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Tax Court: Partner Cannot Deduct State Non-Resident Income Tax

legal matters

The U.S. Tax Court ruled that state non-resident income taxes paid by an attorney on his law firm’s income sourced in four states cannot be deducted on Schedule E of his Form 1040 and are not deductible in arriving at adjusted gross income (AGI). These taxes can only be claimed below the line as itemized deductions.

Tax Law Basics

Under Internal Revenue Code Section 62(a)(2), deductions are allowed “above the line” as an adjustment to arrive at gross income if they are “attributable to a trade or business carried on by the taxpayer, if such trade or business does not consist of the performance of services by the taxpayer as an employee.” Regulations interpret this rule to mean that expenses are deductible above the line when they are directly, and not merely remotely, connected with the conduct of a trade or business.

For example, taxes are deductible in arriving at AGI only if they constitute expenses directly attributable to a trade or business or to property from which rents or royalties are derived. Therefore, property taxes paid or incurred on real property used in a trade or business are deductible, but state taxes on net income are not deductible even though the taxpayer’s income is derived from conducting a trade or business.

Certain other deductions, including those for state and local income tax, can be subtracted from AGI in computing taxable income. These itemized deductions are often referred to as below-the-line deductions.

Above-the-line deductions generally can be claimed in addition to itemized deductions or the standard deduction and offer the added benefit of reducing AGI, which in turn is used as a measure to limit other tax benefits. In contrast, below-the-line deductions are subject to income limitations. In some cases, they can be deducted only to the extent they exceed a specified floor amount.

Facts of the Case

An attorney was a principal in a law firm organized in Michigan as a professional limited liability company and treated as a partnership for federal income tax purposes. During the years at issue he worked in the law firm’s Missouri office, and the firm earned income sourced in Missouri, Michigan, Virginia, Illinois and Oregon. The Tax Court noted that the attorney “had the authority, along with other principals” to direct the operations of the law firm.

The attorney did not perform services in Michigan, Virginia, Illinois, or Oregon or work for clients based in those states. He nevertheless paid state non-resident income taxes on his law firm’s income sourced in these states. On Schedules K-1, Partner’s Share of Income, Deductions, Credits, etc., of Forms 1065, U.S. Return of Partnership Income, for the years at issue, the law firm reported the attorney’s share of ordinary business income as self-employment earnings.

On his federal income tax returns for the years at issue, the attorney reported this income and claimed deductions for Michigan, Virginia, Illinois and Oregon state nonresident income taxes as unreimbursed partnership expenses on Schedules E, Supplemental Income and Loss. These deductions amounted to $11,943 in 2007, $15,104 in 2008, and $14,832 in 2009.

The IRS determined that the attorney should have claimed the state non-resident income taxes as itemized deductions on Schedule A of his tax return, thereby increasing his AGI, with associated increases in self-employment tax and alternative minimum taxable income.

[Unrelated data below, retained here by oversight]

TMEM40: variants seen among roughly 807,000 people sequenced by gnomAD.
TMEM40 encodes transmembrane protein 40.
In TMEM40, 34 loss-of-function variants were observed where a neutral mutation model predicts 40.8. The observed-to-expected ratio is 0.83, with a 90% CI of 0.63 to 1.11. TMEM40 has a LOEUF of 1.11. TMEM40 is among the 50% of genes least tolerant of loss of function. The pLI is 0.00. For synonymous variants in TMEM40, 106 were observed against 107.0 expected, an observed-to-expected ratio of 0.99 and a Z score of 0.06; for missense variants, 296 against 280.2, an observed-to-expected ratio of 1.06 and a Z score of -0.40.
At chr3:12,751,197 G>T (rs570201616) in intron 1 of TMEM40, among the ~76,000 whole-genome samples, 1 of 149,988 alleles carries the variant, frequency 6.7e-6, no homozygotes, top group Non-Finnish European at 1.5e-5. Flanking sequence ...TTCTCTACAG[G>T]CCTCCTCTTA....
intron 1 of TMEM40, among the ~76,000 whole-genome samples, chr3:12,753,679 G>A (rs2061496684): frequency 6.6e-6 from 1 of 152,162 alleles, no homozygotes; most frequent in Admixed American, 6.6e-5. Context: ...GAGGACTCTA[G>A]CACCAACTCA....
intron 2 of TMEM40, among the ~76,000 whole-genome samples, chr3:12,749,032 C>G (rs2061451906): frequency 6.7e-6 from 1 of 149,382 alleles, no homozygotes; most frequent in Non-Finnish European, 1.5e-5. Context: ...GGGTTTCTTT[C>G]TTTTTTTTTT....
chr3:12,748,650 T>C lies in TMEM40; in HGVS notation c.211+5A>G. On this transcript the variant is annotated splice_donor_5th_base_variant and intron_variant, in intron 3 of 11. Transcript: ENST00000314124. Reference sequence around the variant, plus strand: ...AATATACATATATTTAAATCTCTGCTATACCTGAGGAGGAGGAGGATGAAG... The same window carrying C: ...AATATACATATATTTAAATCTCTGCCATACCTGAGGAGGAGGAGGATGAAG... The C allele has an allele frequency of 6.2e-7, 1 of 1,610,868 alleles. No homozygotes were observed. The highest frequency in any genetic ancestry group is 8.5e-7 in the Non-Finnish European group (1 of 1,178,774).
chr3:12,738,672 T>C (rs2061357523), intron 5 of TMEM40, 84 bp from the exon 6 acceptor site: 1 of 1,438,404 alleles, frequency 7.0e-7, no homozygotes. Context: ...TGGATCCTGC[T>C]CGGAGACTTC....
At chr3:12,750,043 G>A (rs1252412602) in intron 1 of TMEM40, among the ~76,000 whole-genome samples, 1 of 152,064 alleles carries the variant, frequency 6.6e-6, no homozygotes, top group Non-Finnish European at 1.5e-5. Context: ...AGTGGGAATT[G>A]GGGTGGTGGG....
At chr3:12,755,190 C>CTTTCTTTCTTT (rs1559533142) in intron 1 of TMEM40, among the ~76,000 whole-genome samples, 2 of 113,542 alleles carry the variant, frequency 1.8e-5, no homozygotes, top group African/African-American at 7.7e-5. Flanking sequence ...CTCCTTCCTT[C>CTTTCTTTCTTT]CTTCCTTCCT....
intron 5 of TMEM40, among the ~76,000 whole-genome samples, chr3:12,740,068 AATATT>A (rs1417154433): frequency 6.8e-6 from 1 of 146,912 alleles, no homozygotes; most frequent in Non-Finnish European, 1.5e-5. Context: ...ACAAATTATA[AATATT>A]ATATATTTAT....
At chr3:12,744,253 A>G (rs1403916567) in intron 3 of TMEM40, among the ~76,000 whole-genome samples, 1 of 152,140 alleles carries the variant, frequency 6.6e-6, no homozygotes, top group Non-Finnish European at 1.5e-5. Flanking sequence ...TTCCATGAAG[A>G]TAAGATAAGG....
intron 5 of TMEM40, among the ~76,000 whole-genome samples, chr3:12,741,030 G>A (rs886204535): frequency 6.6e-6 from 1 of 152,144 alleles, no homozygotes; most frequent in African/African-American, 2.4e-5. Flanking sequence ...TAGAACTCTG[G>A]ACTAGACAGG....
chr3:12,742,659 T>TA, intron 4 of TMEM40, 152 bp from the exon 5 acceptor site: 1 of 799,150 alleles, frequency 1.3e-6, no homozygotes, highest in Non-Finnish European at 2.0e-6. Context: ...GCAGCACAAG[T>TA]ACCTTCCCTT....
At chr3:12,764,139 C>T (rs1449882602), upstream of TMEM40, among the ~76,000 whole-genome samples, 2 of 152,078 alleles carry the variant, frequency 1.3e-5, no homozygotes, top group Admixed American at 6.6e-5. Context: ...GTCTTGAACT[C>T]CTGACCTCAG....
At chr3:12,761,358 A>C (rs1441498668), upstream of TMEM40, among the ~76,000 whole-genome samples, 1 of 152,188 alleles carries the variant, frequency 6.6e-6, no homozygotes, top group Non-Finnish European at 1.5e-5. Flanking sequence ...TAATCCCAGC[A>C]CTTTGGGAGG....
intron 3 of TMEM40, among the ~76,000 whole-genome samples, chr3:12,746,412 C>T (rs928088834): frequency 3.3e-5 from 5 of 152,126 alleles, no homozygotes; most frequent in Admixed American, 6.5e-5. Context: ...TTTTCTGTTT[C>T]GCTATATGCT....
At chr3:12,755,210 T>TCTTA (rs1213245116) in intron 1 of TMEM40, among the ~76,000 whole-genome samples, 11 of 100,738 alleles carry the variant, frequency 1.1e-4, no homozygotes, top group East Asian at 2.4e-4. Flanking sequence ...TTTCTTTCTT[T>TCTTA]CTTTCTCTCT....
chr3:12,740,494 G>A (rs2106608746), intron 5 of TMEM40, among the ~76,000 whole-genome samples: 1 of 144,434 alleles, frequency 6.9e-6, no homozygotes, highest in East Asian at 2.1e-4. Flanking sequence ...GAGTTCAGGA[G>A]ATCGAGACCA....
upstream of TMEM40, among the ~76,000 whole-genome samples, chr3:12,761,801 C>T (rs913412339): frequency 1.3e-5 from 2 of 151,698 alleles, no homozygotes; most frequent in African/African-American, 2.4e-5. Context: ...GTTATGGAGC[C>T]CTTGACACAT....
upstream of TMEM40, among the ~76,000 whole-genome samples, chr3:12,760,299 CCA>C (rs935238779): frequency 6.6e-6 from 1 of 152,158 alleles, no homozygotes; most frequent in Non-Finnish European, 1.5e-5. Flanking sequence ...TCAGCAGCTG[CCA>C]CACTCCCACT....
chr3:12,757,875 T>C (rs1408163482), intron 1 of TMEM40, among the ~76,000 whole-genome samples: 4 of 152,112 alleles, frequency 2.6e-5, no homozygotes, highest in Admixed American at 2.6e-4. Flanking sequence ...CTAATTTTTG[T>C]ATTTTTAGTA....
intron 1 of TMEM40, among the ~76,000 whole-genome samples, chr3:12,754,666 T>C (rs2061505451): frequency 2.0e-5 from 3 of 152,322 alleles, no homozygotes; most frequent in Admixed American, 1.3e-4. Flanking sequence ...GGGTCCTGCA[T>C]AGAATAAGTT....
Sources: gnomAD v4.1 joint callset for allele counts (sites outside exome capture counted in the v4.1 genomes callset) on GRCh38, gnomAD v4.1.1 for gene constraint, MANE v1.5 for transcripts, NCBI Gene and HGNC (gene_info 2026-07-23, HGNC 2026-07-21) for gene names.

Arguments Rejected

The Tax Court agreed with IRS that the state non-resident income taxes are not deductible above the line. The court rejected each of these arguments that the attorney put forth:

1. The attorney argued that the 2008 and 2009 Virginia taxes were entity-level taxes imposed directly on the law firm, rather than on him. The Tax Court disagreed, pointing out that Virginia generally taxes the net income of a non-resident individual, partner or beneficiary receiving Virginia-source income. A non-resident owner of a pass-through entity is liable in the owner’s separate or individual capacity for Virginia tax on income that passes through the entity.

2. The attorney also contended that all the non-resident taxes, including Virginia’s, were constructively imposed on the law firm rather than him. He claimed this was because he performed no services in any of the states generating the non-resident income taxes in question.

In addition, the attorney argued that any other construction of the various states’ tax statutes raised significant doubts about the constitutionality of the states’ taxing powers because he lacked a sufficient nexus to those states to be taxed by any of them. The court stated that the facts did not establish that the attorney lacked any nexus with Virginia or any of the other states in question. To the contrary, the record convinced the court that the attorney, as a principal of the law firm, had the authority to manage the firm’s business, including its business in Michigan, Virginia, Illinois and Oregon.

3. Finally, the attorney argued that the 2008 and 2009 Virginia taxes are deductible from gross income because they were imposed on his gross income rather than his net business income. The court stated the attorney’s argument failed because the Virginia taxes were imposed on net income, rather than gross income. Virginia rules call for the calculation of the Virginia taxable income of a non-resident individual, partner or beneficiary as determined by comparing the “net amount” of income, gain or loss from Virginia sources and the “net amount” of such items from all sources. (Cutler, TC Memo 2015-73)

Councilor, Buchanan & Mitchell (CBM) is a professional services firm delivering tax, accounting and business advisory expertise throughout the Mid-Atlantic region from offices in Bethesda, MD and Washington, DC.